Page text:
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ERIC Number: ED145038
Record Type: RIE
Publication Date: 1977-Sep-4
Pages: 37
Abstractor: N/A
Reference Count: 0
Successful Black Farmers: Factors in Their Achievement.
Brown, Minnie M.; Larson, Olaf F.
This paper identifies individual and institutional factors which have facilitated or inhibited the achievement of successful black farmers. The information derived from the case studies is used to develop a model which can be used in working effectively with black farmers. The thirteen case studies discussed focus on the following: (1) reasons for choosing farming as an occupation, (2) past farming experiences, (3) acquisition and retention of land, (4) sources for obtaining agricultural credit, (5) present farming operations, (6) participation in farm programs, (7) social and political participation, (8) socioeconomic characteristics of the farmers, and (9) perceptions of the future for blacks in American agriculture. In analyzing the cases of the selected farmers, several common factors emerged. These serve as the framework for the discussion. These factors are: (1) desire to farm, (2) strong work orientation, (3) land as a basis for economic security, (4) managerial skills and commitment to learn, (5) linkages with nonfarm organizations and activities, and (6) family goals and supports. Results indicate that the selected farmers had practical agricultural experience and personal capacity but few material resources when they started out. Their present level of success is in some measure related to their ability to convert assets of one type into assets of another. At least two liabilities stand out, namely generally low levels of formal education and racial discriminatory practices among agricultural agencies and related institutions. (Author/AM)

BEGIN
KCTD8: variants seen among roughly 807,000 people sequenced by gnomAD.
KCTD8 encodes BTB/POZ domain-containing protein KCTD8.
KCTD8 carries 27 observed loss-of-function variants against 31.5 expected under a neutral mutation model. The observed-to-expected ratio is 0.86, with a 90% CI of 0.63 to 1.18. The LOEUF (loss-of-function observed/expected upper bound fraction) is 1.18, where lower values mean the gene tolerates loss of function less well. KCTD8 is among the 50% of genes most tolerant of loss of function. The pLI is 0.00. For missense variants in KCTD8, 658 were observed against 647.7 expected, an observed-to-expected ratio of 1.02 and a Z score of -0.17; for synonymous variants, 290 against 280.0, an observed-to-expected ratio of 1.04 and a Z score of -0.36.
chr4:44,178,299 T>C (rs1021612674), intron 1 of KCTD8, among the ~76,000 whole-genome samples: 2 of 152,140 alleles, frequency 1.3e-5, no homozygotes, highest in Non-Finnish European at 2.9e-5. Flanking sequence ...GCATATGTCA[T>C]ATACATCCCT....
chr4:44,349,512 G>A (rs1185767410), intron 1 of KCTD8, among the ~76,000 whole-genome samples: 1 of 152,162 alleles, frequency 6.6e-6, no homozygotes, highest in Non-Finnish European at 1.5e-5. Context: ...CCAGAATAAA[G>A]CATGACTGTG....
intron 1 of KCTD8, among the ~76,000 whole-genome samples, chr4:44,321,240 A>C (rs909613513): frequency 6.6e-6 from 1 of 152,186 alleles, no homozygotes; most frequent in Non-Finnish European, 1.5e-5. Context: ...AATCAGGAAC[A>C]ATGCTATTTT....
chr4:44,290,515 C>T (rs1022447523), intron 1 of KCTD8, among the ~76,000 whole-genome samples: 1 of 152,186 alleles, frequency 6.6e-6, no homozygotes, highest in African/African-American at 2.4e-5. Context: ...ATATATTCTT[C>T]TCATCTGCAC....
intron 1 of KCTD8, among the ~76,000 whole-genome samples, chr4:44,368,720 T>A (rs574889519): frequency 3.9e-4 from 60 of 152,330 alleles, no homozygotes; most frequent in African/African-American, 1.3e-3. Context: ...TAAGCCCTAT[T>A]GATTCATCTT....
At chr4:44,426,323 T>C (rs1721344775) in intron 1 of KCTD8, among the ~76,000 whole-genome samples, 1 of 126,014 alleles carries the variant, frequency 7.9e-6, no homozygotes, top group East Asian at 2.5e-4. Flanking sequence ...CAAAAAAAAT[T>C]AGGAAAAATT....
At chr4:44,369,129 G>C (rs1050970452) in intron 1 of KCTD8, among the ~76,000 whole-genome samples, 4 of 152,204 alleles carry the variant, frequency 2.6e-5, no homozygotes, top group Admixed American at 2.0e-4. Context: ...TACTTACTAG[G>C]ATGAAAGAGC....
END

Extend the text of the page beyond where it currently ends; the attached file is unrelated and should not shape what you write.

Publication Type: Reports - Research
Education Level: N/A
Audience: N/A
Language: N/A
Sponsor: Cooperative State Research Service (USDA), Washington, DC.
Authoring Institution: N/A
Note: Paper prepared for presentation at the Annual Meeting of the Rural Sociological Society (Madison, Wisconsin, September 1-4, 1977)